Published December 01, 2015
Donna Gugger's heart was heavy as she sifted through the scattered debris and devastation left by Superstorm Sandy along the Jersey Shore. Pieces of broken furniture. Shards of metal. Chairs ripped off patios. Blue jeans tossed out of bureaus.
But there was something different about that swath of gray cloth with shiny brass buttons. She stopped to take a second look, leaning down to tug on an edge of the fabric that peeked out from under the sand. At first glance, she thought it was an elaborate Halloween costume -- a jacket that reminded her of the Beatles' Sgt. Pepper.
It was no costume. Gugger had stumbled across an 80-year-old tunic owned by a 1933 graduate of the U.S. Military Academy at West Point, a World War II hero described in his West Point yearbook as a soldier with a "heart like a stormy sea."
The jacket's journey is as mysterious as its history. No one knows how it ended up on the Jersey Shore, hundreds of miles north of the late warrior Chester B. deGavre's home on Virginia's Eastern Shore. His 98-year-old widow, Tita deGavre, didn't even know it existed.
But now that it has been found, the jacket is more than just a recovered forgotten relic.
For deGavre, it is another part of her late husband to cherish. She plans to hang it on the wall along with some of his other military garb and awards at the Deep Creek Plantation, a sprawling Virginia landscape along the shore where she also found her husband's missing West Point ring years ago.
"I found it most impossible to believe," deGavre said after Gugger drove five hours earlier this week to deliver the ornate jacket. "Where could it have been all this time?"
Chester deGavre's parents used to live in Red Bank, less than 10 miles southwest of where the jacket was found. But that was years ago and the house has been sold many times over.
"Somebody must have had (the jacket) under great care, and whether their house blew away with Sandy, I don't know," said deGavre, who met her husband while he was overseas in her native England. They married in 1948.
"It's all a big mystery, but I'm happy about it."
To Gugger, the jacket is nothing less than a symbol of resurrection and renewal in a landscape scarred by sorrow and loss.
The 48-year-old pharmaceutical consultant from Holland, Pa., found the military clothing while she and other members of the Sandy Hook Bay Catamaran Club helped clean up damage from Sandy, which struck in late October.
"I saw blue jeans, I had seen jackets, chairs, backpacks -- all kinds of things," she said. "And to go from a point of looking at devastation and the sadness that was associated with that, to find that something so good could potentially come out of the findings in all of that debris, I was just overjoyed."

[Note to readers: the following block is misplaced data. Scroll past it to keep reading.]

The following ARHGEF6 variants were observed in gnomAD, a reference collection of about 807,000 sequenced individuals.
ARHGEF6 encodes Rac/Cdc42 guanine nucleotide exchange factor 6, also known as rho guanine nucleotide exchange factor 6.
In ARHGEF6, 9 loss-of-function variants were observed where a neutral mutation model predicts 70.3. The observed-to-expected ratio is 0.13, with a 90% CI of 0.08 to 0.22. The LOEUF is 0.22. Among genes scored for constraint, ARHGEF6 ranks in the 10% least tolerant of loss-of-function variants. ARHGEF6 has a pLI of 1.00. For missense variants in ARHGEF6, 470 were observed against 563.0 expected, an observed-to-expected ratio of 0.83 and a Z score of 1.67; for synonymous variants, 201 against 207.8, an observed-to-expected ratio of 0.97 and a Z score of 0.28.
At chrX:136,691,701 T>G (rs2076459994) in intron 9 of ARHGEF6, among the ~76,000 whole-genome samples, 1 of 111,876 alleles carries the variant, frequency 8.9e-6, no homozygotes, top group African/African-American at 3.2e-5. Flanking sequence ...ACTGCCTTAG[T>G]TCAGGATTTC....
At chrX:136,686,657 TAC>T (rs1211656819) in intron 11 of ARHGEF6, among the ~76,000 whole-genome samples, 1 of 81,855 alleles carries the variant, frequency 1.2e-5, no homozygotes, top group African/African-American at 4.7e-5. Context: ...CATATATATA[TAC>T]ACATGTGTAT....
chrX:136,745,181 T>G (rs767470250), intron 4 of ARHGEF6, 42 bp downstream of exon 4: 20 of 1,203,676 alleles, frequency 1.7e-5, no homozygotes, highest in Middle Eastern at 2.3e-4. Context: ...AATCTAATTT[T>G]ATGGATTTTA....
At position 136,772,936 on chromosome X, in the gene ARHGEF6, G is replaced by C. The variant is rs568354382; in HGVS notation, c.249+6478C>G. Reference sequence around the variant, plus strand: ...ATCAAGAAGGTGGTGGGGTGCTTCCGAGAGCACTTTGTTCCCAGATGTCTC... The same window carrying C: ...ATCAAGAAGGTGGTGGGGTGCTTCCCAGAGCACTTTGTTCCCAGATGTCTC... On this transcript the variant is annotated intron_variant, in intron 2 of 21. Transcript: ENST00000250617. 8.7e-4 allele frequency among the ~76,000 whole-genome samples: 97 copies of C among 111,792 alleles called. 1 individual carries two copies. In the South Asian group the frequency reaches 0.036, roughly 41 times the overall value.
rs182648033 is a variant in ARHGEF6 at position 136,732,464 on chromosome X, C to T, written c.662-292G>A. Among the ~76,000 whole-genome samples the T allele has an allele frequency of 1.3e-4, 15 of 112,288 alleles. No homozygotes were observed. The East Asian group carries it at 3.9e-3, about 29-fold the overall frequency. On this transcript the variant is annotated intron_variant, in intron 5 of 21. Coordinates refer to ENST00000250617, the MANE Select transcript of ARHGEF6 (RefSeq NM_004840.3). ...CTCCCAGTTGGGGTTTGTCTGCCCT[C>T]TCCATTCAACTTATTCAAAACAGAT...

Gugger took the jacket home, shook out the sand, and washed it off. It was in extraordinary condition, and upon closer examination, she noticed the words "West Point" and "issued to deGavre" on the inside. Determined to get the jacket back to its rightful owner, she contacted West Point's Association of Graduates, which cleaned and preserved it and tracked down deGavre's family.
The heavy coat, studded with brass buttons down the front and sleeves, hasn't changed much since it was first adopted at the academy around 1816, said retired Army Col. Chris Needels, a 1965 graduate of West Point and family friend of the deGavres. With its tails, intricate stitching, and diagonal gold braids on the shoulders, the jacket is still worn by cadets for formal occasions and in parades.
Before his death in 1993 at age 85, Chester deGavre was a Retired Army brigadier general, a pioneering paratrooper and chief of staff for the 1944 airborne invasion of southern France. He was one of the first Army officers to take parachute training at the start of World War II, joining the Airborne Command at Fort Bragg, N.C. The Newark, N.J., native improved techniques and standardized equipment for the airborne forces as a parachute-training officer and chief of test and development. His decorations included a Silver Star from the Korean War and the Legion of Merit with three oak-leaf clusters.
"This was a soldier, this was a war hero, somebody who risked his life for our country, and I was determined to get it back to the family," Gugger said of the jacket.
"It's a miracle because it's still a mystery how it made it to that beach and for me to have even had the opportunity to pick it up. It's not really about the jacket, it's about the journey."